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Topic: 1.82 - Troll Dan Christensen
Replies: 1   Last Post: Jul 30, 2014 7:12 AM

 Dan Christensen Posts: 8,219 Registered: 7/9/08
Re: 1.82 - Troll Dan Christensen
Posted: Jul 30, 2014 7:12 AM

On Wednesday, July 30, 2014 4:05:41 AM UTC-4, John Gabriel wrote:
> So Christensen sends this email message to Hanspeter Guettinger:
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> Dan_Christensen@sympatico.ca
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> Kommentar
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> Are you aware that in John Gabriel's "New Calculus," which he says you have endorsed, the derivative of even a simple linear function like y=x is undefined everywhere? And that the derivative of at any point of inflection on a curve is also undefined?
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> Since he does not admit irrational numbers in his system, the distance between the points (0,0) and (1,1), for example, is also undefined.
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> In his strange number system supposedly based on Euclid, he cannot even prove that 2+2=4.
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> I have already addressed all these lies and misrepresentations and am ignoring Christensen because one cannot reason with an irrational mind.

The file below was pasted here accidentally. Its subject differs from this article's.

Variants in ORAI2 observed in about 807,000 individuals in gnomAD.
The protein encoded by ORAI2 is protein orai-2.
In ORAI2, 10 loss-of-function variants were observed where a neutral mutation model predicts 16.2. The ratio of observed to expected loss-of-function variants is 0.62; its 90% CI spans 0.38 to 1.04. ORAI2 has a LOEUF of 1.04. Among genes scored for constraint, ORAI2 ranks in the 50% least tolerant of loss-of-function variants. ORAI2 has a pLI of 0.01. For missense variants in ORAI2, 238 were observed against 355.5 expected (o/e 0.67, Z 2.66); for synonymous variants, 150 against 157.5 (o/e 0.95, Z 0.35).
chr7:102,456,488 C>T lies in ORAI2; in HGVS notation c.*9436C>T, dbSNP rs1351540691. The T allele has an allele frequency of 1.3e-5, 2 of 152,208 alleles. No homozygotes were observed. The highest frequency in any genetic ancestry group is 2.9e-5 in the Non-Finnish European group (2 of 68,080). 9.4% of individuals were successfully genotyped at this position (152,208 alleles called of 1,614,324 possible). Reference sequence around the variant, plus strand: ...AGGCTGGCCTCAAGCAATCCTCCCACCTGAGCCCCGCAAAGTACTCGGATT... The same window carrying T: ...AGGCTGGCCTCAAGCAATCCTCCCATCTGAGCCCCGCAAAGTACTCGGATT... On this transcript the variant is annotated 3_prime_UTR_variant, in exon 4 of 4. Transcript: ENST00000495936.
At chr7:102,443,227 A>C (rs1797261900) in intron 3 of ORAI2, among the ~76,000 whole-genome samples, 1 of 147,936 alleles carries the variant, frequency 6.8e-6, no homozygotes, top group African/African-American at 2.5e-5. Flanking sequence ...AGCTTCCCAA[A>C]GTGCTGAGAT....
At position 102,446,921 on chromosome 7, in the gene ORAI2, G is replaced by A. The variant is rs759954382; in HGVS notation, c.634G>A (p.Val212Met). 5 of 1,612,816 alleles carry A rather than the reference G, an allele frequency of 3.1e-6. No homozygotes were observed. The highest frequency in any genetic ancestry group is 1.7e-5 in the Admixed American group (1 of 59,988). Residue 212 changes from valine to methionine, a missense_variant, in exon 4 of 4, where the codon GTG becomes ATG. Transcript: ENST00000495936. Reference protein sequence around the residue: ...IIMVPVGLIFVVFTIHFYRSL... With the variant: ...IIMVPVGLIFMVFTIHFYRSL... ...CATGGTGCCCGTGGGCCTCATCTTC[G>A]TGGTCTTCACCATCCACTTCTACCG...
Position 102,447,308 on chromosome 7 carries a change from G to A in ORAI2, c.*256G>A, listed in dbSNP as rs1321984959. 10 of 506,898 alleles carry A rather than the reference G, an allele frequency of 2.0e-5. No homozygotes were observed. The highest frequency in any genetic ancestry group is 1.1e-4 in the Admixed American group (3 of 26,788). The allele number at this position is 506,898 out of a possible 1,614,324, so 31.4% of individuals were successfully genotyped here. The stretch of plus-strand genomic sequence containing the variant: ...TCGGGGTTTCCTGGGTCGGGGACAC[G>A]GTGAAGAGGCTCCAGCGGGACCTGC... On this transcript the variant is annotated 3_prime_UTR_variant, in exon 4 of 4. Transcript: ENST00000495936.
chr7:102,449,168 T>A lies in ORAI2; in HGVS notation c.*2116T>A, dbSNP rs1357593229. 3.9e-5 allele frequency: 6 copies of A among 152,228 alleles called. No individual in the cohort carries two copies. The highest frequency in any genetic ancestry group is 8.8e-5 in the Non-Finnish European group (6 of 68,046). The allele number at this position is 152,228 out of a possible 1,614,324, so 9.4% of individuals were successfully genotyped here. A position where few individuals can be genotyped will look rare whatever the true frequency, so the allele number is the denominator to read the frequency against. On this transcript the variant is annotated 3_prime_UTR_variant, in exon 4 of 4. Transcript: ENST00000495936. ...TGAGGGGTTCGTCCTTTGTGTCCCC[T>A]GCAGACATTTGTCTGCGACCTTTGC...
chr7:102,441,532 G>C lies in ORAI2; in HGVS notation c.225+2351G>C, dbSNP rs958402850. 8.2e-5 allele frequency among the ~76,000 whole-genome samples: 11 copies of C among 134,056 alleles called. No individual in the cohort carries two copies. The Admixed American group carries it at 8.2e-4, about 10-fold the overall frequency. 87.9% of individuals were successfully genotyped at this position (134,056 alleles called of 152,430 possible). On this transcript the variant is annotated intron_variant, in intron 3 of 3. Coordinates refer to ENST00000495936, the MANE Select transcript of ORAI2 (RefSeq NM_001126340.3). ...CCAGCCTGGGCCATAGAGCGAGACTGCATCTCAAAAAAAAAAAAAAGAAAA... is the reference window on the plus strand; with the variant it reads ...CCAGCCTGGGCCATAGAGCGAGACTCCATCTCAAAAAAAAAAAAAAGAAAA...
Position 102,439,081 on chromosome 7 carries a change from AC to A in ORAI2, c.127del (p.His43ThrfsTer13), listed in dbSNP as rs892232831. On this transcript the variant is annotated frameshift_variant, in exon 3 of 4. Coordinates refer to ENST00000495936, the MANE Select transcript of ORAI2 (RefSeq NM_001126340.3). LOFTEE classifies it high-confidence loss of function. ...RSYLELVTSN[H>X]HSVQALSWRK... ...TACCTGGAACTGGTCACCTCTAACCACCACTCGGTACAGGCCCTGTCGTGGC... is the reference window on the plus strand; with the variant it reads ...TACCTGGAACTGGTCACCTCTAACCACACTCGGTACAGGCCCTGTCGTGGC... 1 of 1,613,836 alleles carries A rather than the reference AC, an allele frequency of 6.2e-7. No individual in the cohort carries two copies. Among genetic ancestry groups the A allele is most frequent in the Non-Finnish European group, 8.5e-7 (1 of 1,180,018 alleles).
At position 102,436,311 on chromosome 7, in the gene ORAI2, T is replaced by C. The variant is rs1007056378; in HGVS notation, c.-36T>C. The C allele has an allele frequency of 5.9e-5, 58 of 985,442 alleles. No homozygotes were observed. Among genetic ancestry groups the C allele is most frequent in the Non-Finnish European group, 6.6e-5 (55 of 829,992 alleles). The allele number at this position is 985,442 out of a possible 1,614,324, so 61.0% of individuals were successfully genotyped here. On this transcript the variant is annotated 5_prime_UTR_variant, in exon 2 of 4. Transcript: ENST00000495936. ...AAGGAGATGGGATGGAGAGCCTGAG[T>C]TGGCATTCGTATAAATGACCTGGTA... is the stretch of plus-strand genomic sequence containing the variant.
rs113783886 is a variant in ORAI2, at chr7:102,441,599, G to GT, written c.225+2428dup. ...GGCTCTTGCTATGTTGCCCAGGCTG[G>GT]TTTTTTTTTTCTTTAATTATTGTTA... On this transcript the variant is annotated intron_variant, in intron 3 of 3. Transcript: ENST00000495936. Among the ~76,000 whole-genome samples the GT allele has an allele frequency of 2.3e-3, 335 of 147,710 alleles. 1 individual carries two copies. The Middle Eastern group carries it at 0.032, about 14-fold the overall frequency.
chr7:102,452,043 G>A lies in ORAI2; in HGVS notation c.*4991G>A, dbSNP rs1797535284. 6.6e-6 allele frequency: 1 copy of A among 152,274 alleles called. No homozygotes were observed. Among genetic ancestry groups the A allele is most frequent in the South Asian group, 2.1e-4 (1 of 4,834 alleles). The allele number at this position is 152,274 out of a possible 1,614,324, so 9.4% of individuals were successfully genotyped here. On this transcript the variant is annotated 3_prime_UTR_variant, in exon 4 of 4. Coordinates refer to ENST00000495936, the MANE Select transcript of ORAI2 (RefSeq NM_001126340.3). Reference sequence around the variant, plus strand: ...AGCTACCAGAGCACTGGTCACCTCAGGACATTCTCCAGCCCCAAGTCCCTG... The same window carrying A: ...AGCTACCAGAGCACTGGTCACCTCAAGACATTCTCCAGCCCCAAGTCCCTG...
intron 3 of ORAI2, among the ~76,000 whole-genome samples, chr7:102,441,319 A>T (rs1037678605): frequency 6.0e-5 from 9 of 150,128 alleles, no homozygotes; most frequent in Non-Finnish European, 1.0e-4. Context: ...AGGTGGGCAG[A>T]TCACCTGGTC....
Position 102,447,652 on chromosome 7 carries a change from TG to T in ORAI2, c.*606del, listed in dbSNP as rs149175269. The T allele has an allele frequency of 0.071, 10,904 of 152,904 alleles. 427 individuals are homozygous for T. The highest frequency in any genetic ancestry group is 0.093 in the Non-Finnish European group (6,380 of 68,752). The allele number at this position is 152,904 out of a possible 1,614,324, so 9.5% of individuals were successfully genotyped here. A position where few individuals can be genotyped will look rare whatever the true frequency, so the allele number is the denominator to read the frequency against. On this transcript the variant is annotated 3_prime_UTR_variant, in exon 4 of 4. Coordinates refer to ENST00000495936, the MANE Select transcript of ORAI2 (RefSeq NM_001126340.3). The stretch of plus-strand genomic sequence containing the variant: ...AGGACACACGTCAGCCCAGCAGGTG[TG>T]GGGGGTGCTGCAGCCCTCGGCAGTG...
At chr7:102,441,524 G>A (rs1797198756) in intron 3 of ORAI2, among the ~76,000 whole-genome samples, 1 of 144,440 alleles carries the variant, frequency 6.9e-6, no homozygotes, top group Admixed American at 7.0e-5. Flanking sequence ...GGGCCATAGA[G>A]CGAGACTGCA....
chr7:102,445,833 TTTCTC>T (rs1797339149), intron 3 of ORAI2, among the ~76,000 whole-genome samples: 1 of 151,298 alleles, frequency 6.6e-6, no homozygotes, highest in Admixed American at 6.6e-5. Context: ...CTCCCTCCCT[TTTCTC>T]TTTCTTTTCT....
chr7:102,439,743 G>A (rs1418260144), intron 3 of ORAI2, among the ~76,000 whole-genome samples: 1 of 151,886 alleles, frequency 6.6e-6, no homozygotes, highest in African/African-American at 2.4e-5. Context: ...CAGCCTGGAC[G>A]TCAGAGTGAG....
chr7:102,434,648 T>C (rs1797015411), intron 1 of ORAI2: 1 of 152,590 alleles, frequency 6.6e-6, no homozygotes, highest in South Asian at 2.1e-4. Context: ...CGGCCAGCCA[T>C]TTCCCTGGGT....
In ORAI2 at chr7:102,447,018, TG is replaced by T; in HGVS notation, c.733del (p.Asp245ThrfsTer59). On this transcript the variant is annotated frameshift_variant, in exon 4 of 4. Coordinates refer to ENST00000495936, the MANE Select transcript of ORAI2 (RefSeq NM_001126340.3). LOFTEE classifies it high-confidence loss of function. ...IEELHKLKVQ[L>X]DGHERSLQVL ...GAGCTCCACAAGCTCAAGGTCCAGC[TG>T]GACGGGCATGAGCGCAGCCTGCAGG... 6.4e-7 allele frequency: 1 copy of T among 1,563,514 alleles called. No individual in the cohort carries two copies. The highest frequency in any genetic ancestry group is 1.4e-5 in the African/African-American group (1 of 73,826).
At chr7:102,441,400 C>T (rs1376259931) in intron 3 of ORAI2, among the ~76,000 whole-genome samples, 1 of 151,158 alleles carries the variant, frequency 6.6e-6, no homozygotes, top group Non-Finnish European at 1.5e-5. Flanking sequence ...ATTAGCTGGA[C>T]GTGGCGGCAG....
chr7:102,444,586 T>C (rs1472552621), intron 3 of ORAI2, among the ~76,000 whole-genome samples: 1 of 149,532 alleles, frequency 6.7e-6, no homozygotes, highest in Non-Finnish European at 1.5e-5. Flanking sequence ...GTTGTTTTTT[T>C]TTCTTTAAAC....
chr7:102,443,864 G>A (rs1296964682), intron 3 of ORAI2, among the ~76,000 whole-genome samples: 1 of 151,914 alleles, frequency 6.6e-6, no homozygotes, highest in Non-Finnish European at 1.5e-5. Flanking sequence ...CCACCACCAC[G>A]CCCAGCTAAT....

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> Are you aware that in John Gabriel's "New Calculus," which he says you have endorsed, the derivative of even a simple linear function like y=x is undefined everywhere?
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> False. In the New Calculus: f(x)=x has a derivative everywhere:
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> f'(c)= c+n - (c-m) / m+n = (m+n)/(m+n) = 1
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A baffling climb-down from your previous position, but there is still the matter of the f'(0) when f(x)=x^3.

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> And that the derivative of at any point of inflection on a curve is also undefined?
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> False. The derivative is very well defined because the tangent line owns the pair (0,0). However, there is no tangent line at a point of inflection.

Yes, there is, John Gabriel. The fact that your tortured logic led you to this bizarre conclusion should have tipped you off that you had come to yet another dead end.

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> Since he does not admit irrational numbers in his system, the distance between the points (0,0) and (1,1), for example, is also undefined.
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> False. That distance denoted by sqrt(2) is NOT a number.

To the rational mind mind -- not to you, I'm afraid -- root 2 is an exact number.

> It is an incommensurable magnitude and is normally represented as a rational approximation, that is, 1.414.

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> There is NO such thing as an irrational number.
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See what I mean, folks?

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> In his strange number system supposedly based on Euclid, he cannot even prove that 2+2=4.
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> False. I showed this in an earlier comment. And because it's not important, I won't bother addressing again.
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How about the link to where you supposedly proved that 2+2=4, John Gabriel? Can't seem to find it at the moment? HA, HA, HA!

Dan